Reviewer's Name: Harrison
Awards:
The Witch of Blackbird Pond
Speare, Elizabeth George
1 star = Yuck!
Review:

The Witch of Blackbird Pond is the story of sixteen-year-old Kit Tyler who arrives in Connecticut in 1687. All the townspeople believe she is a witch after she does some "unusual" things such as swimming and acting out bible stories. Because of this separation she begins to hang out with the towns "witch" Hannah Tupper. This friendship leads to some major problems in the future.

This book is very dull and not very exciting. I cannot find any reason to enjoy this book as it is so predictable and a very happily-ever-after type of story. I would not recommend this book because of its lack of suspense and very predictable plot.

Reviewer's Name: Emily
Becoming Mrs. Lewis
Callahan, Patti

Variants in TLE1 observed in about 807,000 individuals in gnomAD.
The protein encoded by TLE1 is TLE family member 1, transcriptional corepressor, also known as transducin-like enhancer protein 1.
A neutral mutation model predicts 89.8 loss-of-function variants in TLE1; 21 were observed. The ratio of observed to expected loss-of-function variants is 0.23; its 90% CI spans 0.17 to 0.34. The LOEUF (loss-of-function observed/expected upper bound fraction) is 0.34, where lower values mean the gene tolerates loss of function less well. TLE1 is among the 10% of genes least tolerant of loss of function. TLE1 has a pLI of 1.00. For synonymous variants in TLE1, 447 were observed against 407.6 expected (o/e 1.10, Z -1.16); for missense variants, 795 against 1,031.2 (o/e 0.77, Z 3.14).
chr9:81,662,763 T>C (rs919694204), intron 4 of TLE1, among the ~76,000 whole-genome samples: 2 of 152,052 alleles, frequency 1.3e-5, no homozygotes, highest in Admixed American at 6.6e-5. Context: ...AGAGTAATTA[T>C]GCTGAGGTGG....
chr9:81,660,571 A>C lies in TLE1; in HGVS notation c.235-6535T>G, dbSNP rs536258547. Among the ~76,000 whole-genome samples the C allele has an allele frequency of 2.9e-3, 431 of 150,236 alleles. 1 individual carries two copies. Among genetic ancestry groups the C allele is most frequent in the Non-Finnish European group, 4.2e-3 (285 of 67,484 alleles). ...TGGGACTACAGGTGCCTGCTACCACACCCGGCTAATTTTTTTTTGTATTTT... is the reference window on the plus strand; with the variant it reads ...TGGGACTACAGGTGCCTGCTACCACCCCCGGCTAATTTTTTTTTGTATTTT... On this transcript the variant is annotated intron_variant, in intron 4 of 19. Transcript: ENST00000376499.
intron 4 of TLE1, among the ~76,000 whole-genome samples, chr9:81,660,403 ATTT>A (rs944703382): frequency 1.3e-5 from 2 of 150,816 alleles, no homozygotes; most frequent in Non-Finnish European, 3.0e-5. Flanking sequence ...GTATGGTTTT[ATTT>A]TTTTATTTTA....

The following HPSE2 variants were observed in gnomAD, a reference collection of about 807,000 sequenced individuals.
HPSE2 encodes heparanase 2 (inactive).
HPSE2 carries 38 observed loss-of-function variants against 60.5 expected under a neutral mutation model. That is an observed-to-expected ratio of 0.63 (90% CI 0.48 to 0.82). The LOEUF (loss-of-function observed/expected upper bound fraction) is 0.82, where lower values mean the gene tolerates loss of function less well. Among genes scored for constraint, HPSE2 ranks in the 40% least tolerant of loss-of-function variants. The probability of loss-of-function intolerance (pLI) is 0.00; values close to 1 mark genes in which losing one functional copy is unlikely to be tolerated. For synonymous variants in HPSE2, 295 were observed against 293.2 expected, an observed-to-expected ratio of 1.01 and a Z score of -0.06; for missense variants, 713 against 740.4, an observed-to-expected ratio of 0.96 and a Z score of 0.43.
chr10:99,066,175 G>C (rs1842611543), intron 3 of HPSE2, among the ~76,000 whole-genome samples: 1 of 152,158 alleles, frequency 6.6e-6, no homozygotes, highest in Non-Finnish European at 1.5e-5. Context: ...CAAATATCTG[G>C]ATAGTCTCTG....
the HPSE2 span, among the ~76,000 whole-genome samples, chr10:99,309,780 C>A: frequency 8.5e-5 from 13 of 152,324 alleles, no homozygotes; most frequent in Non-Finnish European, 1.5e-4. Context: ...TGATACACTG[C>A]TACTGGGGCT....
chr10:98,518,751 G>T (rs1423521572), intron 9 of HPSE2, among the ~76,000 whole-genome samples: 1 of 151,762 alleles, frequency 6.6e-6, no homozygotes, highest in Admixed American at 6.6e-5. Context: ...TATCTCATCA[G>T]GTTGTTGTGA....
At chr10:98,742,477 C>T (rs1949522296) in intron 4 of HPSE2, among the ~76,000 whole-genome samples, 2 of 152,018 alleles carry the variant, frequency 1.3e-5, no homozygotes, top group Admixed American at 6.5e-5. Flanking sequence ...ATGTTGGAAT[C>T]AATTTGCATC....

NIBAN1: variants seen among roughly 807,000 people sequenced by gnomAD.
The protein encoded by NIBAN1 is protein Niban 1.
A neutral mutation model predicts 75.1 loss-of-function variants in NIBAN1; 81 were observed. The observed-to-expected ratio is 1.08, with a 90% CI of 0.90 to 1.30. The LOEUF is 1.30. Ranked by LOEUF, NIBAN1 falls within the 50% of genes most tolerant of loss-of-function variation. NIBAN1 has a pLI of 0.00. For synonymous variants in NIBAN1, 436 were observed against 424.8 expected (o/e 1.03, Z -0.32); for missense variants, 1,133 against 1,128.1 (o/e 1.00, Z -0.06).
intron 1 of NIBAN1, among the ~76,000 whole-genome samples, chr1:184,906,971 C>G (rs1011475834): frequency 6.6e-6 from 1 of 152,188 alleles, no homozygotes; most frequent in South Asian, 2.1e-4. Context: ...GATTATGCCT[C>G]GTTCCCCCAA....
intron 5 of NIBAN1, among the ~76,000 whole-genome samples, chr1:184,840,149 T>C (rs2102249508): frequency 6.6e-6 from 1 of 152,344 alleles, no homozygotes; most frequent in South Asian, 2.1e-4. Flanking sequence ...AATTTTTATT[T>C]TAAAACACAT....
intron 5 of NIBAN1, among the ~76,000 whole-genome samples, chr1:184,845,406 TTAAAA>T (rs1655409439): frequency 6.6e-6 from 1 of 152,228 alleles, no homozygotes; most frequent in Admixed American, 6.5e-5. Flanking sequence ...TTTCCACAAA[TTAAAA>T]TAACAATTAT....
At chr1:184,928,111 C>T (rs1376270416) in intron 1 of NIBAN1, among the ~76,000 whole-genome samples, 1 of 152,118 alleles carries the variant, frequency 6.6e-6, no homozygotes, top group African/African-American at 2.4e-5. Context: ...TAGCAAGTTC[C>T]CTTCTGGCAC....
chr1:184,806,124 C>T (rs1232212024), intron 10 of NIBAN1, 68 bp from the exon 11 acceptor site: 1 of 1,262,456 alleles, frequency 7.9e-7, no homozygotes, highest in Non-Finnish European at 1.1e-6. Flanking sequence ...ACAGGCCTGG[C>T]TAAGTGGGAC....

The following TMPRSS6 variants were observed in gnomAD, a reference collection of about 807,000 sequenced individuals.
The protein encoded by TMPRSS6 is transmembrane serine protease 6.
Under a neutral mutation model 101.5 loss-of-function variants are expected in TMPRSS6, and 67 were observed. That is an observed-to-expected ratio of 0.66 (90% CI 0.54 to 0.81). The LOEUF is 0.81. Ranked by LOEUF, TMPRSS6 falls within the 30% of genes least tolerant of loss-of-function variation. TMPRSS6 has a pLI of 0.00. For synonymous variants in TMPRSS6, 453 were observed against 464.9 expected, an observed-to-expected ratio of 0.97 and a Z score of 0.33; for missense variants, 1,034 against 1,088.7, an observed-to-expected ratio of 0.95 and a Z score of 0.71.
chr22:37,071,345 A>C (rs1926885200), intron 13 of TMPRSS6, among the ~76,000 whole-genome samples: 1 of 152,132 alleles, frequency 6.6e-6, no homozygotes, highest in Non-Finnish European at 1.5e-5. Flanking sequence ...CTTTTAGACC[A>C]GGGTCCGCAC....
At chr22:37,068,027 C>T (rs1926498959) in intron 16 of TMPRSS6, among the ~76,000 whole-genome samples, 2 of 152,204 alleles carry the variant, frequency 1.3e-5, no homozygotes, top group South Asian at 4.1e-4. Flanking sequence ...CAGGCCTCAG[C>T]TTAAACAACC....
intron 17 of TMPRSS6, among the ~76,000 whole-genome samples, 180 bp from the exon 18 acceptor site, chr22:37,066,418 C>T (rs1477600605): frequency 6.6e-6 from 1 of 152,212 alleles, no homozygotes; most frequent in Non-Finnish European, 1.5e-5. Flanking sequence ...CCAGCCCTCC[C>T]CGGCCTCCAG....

1 star = Yuck!
Review:

Becoming Mrs. Lewis, by Patti Callahan, is the fictionalized retelling of C.S. Lewis and Joy Davidman's unlikely love story. It is based around the correspondence between the two, their writings, and Joy's copious love sonnets. While C.S. Lewis is primarily known for his works of literature, his relationship with Joy was just as big--if not bigger--a part of his life as his work. The story is told entirely from Joy's perspective, with bits of correspondence sprinkled throughout her narration. Right out of the gate, Joy has an epiphany one night while living in a house in upstate New York with an abusive husband and two small sons. This holy experience leads to Joy's conversion to Christianity; then, searching for answers about faith, she comes into contact with the renowned author C.S. Lewis and they begin corresponding frequently. Eventually, Joy makes the choice to go to England because of health problems and her husband's abuse, and meets C.S. Lewis (whom she calls Jack) for the first time. The rest of the book is an agonizingly slow journey to their marriage, which happens under unfortunate circumstances at the very end.